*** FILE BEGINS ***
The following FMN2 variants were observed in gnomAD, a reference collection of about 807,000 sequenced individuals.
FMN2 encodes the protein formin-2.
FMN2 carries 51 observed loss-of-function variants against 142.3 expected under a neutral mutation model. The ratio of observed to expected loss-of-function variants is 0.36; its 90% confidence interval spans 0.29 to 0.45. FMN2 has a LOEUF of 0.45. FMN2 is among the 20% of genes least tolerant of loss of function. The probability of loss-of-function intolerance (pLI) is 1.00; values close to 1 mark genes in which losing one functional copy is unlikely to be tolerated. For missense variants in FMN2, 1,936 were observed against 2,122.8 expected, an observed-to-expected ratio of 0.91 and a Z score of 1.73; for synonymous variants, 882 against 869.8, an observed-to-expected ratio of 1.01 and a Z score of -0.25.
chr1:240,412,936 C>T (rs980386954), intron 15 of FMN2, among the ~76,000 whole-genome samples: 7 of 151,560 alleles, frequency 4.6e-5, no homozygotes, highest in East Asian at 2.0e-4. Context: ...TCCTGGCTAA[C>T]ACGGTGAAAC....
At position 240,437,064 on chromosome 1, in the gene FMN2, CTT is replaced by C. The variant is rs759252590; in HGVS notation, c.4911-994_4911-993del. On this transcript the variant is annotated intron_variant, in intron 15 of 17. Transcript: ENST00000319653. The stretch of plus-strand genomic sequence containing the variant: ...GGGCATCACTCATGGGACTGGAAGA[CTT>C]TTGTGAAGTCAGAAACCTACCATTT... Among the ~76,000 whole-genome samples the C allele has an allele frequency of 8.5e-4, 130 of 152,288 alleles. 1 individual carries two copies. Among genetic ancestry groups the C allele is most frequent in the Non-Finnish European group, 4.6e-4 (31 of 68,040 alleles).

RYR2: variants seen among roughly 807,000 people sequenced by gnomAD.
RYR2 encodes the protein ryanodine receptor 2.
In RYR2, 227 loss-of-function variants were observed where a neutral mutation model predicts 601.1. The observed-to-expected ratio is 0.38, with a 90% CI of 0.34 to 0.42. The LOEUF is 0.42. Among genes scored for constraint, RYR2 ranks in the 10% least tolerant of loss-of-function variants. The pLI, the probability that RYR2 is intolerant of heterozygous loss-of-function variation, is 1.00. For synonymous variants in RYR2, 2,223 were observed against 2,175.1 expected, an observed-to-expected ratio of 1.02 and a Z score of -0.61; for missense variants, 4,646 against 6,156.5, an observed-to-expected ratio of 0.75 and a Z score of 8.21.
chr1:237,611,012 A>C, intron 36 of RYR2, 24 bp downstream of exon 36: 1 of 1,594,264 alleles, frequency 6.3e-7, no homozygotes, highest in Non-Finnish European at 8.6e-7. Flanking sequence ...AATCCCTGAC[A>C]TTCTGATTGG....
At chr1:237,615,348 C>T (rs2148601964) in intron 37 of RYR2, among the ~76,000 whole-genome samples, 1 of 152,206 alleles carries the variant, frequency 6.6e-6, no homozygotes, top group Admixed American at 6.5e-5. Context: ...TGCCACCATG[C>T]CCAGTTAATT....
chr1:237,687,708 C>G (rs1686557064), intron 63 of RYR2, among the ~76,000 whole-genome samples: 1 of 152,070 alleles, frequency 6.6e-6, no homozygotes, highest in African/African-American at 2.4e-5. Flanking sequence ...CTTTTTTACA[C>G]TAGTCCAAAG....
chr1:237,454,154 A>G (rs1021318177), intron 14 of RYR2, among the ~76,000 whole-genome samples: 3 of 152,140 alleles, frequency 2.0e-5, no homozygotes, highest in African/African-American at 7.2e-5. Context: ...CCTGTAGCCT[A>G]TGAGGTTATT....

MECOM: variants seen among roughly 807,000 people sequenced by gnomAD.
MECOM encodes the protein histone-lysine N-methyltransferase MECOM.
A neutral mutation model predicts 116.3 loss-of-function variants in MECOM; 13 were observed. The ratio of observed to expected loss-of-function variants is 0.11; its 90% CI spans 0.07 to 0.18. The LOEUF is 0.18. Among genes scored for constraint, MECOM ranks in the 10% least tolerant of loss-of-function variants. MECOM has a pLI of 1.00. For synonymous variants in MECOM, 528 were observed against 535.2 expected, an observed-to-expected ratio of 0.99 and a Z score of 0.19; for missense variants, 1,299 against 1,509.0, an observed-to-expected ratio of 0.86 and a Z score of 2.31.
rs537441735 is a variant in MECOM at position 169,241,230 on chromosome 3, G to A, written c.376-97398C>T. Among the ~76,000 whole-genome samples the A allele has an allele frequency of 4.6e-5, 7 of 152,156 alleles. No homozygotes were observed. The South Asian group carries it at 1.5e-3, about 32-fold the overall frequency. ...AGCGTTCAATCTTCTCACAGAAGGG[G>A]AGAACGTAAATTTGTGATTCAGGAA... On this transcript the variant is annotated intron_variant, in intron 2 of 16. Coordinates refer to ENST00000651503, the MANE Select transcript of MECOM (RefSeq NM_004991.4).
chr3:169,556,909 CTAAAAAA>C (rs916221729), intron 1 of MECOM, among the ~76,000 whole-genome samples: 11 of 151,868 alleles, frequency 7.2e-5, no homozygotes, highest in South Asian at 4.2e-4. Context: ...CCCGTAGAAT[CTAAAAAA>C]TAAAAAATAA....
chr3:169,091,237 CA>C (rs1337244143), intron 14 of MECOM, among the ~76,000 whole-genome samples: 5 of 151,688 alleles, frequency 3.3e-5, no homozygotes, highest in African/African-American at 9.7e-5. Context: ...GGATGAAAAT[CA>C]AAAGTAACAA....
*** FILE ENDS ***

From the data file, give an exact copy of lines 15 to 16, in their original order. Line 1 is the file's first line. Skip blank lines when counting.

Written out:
A neutral mutation model predicts 116.3 loss-of-function variants in MECOM; 13 were observed. The ratio of observed to expected loss-of-function variants is 0.11; its 90% CI spans 0.07 to 0.18. The LOEUF is 0.18. Among genes scored for constraint, MECOM ranks in the 10% least tolerant of loss-of-function variants. MECOM has a pLI of 1.00. For synonymous variants in MECOM, 528 were observed against 535.2 expected, an observed-to-expected ratio of 0.99 and a Z score of 0.19; for missense variants, 1,299 against 1,509.0, an observed-to-expected ratio of 0.86 and a Z score of 2.31.
rs537441735 is a variant in MECOM at position 169,241,230 on chromosome 3, G to A, written c.376-97398C>T. Among the ~76,000 whole-genome samples the A allele has an allele frequency of 4.6e-5, 7 of 152,156 alleles. No homozygotes were observed. The South Asian group carries it at 1.5e-3, about 32-fold the overall frequency. ...AGCGTTCAATCTTCTCACAGAAGGG[G>A]AGAACGTAAATTTGTGATTCAGGAA... On this transcript the variant is annotated intron_variant, in intron 2 of 16. Coordinates refer to ENST00000651503, the MANE Select transcript of MECOM (RefSeq NM_004991.4).